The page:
A possible contradiction to LOTR

Discussion in '"The Hobbit"' started by BalrogRingDestroyer, Jun 4, 2018.

  1. BalrogRingDestroyer

    BalrogRingDestroyer Member

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    In The Hobbit, after Bilbo escapes the Goblin Tunnel, he sneaks up wearing the Ring to the group and none of them, even Gandalf, spot him.

    However, if the Ring actually takes one into the Wraith-Mair world, and Gandalf is a Maia (and those types of beings like the Nazgul and Tom Bombadil CAN see people wearing the Ring), how did he not spot Bilbo?

    More to the point, if he could spot Bilbo and the others couldn't, how was that not a tip off right away that Bilbo had found a Great Ring?
     
  2. Merroe

    Merroe Active Member

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    I did not perceive this as a contradiction. The story does not specify whether Bilbo put off his ring at a moment when he within eyesight of the dwarves or not. I could not imagine him standing in their midst, because then they would have seen him with his ring in his hand.

    Nor would it be a proof that he had a so-called “Great Ring” for Gandalf had known of its existence for 60 years before his suspicion started to rise, as he explained to Frodo years later.

    Could Gandalf see someone wearing the Ring? I cannot remember any event whereby Bilbo or Frodo were wearing it in Gandalf’s presence, so for my part I have no immediate opinion on that.
     

  3. Squint-eyed Southerner

    Squint-eyed Southerner Skulking near Archet

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    Good point, Meroe -- it could be that this was one of the limitations placed on the Istari when they were sent to Middle Earth -- a limit on their "awareness". It would take some investigation to see how consistent this is. I do seem to recall Gandalf noticing a "glint of gold" as Bilbo puts his hand in his pocket, but I'll have to check that when I get back home.

    I've given my views on the existence of a separate Wraith-world which one could be "taken into" here:

    http://www.thetolkienforum.com/inde...ng-non-maia-live-as-a-non-wraith-in-it.23473/

    So I won't repeat myself. I will add this: leaving The Hobbit aside for the moment, when we look at the scenes in which Frodo puts on the Ring in LOTR, we see the same "inconsistencies" Balrog speaks of. At Weathertop, he does seem to be in "another world": what, to him and the others, are shadowy shapes, become "terribly clear"; he can see the Ringwraiths, with their "pale faces", their "grey hairs", and "helms of silver". And his Barrow-sword "flickered red, as if it was a firebrand".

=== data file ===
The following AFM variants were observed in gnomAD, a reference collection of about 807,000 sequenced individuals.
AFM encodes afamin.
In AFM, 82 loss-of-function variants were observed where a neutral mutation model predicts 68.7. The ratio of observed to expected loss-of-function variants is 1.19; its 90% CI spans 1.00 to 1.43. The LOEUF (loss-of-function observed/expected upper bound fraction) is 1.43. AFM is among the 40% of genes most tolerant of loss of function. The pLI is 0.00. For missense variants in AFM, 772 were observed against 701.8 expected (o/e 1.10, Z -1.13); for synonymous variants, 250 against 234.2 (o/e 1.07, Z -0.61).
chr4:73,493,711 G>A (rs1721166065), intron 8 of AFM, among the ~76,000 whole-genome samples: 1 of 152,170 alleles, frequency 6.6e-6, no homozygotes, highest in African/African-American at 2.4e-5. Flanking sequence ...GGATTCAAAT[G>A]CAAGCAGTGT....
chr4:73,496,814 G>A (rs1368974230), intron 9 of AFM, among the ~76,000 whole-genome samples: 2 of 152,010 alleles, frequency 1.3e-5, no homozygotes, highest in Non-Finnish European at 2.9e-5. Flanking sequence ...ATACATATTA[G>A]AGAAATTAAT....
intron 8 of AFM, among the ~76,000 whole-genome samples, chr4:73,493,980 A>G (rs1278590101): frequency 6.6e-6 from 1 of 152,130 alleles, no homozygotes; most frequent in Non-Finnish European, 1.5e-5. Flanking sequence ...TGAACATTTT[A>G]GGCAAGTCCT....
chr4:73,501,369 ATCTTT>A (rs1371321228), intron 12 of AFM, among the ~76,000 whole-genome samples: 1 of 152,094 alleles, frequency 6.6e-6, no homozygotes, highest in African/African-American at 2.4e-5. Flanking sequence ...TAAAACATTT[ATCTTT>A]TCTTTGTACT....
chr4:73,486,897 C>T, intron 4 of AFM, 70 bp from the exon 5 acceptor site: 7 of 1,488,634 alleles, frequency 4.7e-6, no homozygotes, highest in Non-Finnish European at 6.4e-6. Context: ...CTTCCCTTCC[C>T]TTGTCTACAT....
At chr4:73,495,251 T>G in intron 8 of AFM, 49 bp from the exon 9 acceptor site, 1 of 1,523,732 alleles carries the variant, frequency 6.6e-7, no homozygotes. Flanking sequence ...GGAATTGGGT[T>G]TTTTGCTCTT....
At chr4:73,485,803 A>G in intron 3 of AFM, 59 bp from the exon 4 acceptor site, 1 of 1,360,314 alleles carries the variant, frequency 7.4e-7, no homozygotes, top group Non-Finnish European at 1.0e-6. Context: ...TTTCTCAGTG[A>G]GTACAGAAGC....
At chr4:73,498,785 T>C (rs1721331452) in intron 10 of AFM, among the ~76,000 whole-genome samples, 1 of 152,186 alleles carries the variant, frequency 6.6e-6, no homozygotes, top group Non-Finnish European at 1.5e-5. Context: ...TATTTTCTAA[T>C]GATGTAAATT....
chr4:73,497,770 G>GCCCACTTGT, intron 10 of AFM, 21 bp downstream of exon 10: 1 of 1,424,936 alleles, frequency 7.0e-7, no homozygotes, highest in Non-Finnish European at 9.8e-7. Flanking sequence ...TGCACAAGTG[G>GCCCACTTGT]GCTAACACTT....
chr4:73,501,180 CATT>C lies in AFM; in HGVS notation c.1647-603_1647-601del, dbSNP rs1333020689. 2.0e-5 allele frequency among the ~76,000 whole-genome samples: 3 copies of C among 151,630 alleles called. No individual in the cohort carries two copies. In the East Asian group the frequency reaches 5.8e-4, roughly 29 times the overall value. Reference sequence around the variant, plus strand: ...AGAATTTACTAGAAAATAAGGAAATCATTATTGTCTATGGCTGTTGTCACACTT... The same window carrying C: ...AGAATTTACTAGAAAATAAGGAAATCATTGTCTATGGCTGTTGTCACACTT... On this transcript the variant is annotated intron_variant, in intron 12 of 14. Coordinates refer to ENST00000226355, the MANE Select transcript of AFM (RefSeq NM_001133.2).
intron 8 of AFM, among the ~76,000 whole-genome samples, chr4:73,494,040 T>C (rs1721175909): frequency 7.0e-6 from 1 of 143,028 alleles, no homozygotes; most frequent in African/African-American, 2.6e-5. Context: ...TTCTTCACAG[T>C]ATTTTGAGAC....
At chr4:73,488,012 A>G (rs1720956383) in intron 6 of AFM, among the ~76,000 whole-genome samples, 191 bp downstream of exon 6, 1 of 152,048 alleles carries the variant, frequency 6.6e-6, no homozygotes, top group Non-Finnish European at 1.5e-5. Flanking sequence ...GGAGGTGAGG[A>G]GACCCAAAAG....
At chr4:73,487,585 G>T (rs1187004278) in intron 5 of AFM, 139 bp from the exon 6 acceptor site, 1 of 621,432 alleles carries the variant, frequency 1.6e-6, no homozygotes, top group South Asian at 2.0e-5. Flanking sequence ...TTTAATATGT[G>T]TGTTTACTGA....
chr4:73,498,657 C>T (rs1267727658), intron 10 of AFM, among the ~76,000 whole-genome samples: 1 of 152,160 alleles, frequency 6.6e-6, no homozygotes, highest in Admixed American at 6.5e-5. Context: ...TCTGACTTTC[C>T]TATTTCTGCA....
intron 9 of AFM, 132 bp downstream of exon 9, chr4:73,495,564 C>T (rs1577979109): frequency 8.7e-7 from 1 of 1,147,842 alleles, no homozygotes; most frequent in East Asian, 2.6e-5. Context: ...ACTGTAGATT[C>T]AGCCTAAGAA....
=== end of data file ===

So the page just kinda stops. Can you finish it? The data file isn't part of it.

Again, on Amon Hen, he seems to be "in a world of mist, in which there were only shadows: the Ring was upon him".

    On the other hand, when he puts on the Ring at Bombadil's house, and (inadvertently) at Bree, we get none of this -- no "other-worldliness" at all: in the first instance, he merely "feels foolish"; in the second, he crawls away under the tables and removes the Ring.

    The answer, I think, lies in the circumstances. The scene at Weathertop takes place in darkness, when the Nazgul are at their most effective; plus Frodo, and more importantly perhaps, the Ring, are in their immediate presence, and they are directing all their powers toward It, and him. And we also know there is some sort of resonance between them and the Ring, though it's unclear exactly how that works.

    On Amon Hen, yes, he is in a "world of mist", but this is not mentioned until he arrives at the summit, the site of the Seat of Seeing. He's previously described as "leaping blindly up the path to the hill-top", but whether this "blindness" is due to the Ring, or because "terror and grief shook him, seeing in his thought the mad fierce face of Boromir, and his burning eyes", is not made clear. In both scenes, I believe Tolkien's deliberate ambiguity is at work: we can "see" the action from multiple viewpoints, with multiple possible interpretations.